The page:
Today’s Story: Chateau Pichon Lalande
Chateau Pichon Longueville Comtesse de Lalande is a historic estate that traces its routes to the late 1600s and ranks as a Second Growth (Deuxième Cru) based on the Bordeaux Wine Official Classification of 1855. I previously wrote about Pichon Lalande when reviewing their 1986 vintage in Bordeaux Battle and the 2003 vintage in Decidedly Opulent Pauillac. To save myself (and yours as a reader) the hassle of reproducing (or reading) such a detailed and lengthy history, I will copy my short previous write-up below.
Pichon Lalande is considered by many to be a classic example of Pauillac, known for its deep, concentrated layers of ripe fruit accompanied by notes of cassis, tobacco, and earth.
With nothing short of a somewhat tumultuous history, Pichon Lalande’s ownership changed hands over the years and earned its name when the founder’s daughter Therese received it as a dowry for her marriage to Jacques de Pichon Longueville. During the 18th century, the estate was dominated by women (Therese de Rauzan, Germaine de Lajus, and Marie Branda de Terrefort) throughout the winemaking process until Baron Joseph de Pichon Longueville took over for his mother. In 1850, with his death, the estate split between his two sons and three daughters and ultimately resulted in the division of Comtesse de Lalande and Pichon Baron.
With no familial heirs, Edouard Miailhe and Louis Miailhe purchased Pichon Lalande following WWI. Edouard’s daughter, May-Eliane de Lencquesaing, took over management in 1978 and became a prominent ambassador for Bordeaux wines while dramatically increasing quality of her estate. One of her major endeavors, and possibly most famous, was growing the size of Pichon Lalande from 40 hectares of vines to 89. In 2007, however, May-Eliane sold a majority stake of the estate to the Rouzaud family, owners of Roederer Champagne, and management changes as well as renovations took place.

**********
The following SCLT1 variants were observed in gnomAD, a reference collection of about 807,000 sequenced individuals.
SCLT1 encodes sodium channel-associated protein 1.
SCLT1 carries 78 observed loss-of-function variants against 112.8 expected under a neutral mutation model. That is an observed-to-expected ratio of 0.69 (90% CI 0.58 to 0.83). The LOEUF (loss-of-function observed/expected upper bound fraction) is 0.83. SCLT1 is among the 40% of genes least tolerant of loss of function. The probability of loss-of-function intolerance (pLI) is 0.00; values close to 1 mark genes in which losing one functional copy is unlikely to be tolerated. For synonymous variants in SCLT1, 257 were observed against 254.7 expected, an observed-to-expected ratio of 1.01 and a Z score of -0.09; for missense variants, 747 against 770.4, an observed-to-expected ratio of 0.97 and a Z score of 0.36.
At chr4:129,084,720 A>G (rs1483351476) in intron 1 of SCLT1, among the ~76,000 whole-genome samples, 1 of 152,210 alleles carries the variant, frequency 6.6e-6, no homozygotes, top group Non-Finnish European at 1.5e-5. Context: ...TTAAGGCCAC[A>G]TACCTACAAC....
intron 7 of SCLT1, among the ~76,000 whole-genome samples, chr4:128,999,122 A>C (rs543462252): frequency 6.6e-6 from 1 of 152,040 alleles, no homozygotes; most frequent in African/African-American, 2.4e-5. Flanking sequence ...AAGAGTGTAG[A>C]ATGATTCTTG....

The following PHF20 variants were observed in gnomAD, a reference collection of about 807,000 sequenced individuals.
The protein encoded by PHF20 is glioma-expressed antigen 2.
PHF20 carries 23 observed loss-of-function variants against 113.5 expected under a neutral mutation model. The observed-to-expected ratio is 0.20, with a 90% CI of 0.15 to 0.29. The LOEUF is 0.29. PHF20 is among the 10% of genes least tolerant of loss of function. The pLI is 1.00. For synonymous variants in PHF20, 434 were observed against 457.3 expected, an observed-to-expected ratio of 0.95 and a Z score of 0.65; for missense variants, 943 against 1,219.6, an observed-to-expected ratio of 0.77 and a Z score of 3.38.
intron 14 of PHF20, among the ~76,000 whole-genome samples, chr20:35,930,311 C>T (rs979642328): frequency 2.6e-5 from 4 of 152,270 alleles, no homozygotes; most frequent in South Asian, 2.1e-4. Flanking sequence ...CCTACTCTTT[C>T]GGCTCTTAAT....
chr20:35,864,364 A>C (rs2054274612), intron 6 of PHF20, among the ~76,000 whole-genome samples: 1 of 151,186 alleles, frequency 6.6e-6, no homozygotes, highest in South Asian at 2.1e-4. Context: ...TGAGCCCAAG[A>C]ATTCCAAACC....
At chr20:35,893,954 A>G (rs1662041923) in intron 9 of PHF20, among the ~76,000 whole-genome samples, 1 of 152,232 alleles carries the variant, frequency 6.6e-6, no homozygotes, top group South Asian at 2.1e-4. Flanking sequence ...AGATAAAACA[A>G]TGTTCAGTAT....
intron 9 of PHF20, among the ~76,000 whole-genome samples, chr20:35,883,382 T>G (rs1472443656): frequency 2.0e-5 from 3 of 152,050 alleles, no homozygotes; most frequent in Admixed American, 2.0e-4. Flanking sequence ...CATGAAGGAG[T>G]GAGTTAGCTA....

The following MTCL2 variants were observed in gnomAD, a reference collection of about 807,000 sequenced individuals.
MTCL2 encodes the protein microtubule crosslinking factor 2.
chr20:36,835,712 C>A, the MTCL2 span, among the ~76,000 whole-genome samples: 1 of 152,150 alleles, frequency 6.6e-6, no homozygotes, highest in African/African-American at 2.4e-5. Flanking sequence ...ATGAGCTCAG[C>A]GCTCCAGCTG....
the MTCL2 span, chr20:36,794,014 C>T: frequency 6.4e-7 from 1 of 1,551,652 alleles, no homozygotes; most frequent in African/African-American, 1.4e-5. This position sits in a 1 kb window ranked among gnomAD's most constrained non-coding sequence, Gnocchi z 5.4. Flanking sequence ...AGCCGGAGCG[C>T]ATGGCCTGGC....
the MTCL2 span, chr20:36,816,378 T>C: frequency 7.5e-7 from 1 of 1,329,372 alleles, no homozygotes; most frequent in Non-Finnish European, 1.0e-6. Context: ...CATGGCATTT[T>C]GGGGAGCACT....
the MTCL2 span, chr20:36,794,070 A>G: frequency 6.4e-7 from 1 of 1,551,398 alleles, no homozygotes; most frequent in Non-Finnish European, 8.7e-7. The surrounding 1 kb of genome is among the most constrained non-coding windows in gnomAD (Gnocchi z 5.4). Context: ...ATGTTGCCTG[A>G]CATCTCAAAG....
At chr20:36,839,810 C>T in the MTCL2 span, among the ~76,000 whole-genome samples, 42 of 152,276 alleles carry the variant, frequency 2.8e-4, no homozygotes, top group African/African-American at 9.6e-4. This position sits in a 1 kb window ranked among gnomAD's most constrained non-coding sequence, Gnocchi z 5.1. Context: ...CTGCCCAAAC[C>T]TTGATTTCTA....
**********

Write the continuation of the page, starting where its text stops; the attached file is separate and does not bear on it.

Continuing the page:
Today’s Wine: 1966 Chateau Pichon Lalande
45% Cabernet Sauvignon, 35% Merlot, 12% Cabernet Franc, 8% Petit Verdot; 13% ABV
The 1966 Pichon Lalande is medium garnet in color and moderately transparent. This wine is singing as a pop-and-pour, with the nose showcasing aromas of graphite, cigar box, forest floor, truffle, and peppercorn followed by faint redcurrant, cranberry, dried violet, and green herbs in the background. On the palate, I get notes of pencil shavings, dried tobacco leaf, leather, black tea leaf, underbrush, gravel, and mushroom with cassis and redcurrant poking through. This is still medium-bodied with lively medium acidity, medium (-) dusty tannins, and a medium (+) length finish. Best during the first 1-1.5 hours, but honestly didn’t fall apart too much slightly beyond hour 2 (when it was gone).
Price: $350. Provenance is key here, but if proven and you can find this for sale it is absolutely worth the tag. My bottle threw almost zero sediment, the color and structure were both profound, and this drank incredibly youthful given its age. I would’ve pegged this as 1980s if I tasted it blind. Pair this with wagyu filet mignon, earthy mushrooms and/or truffle, or mild cheese.
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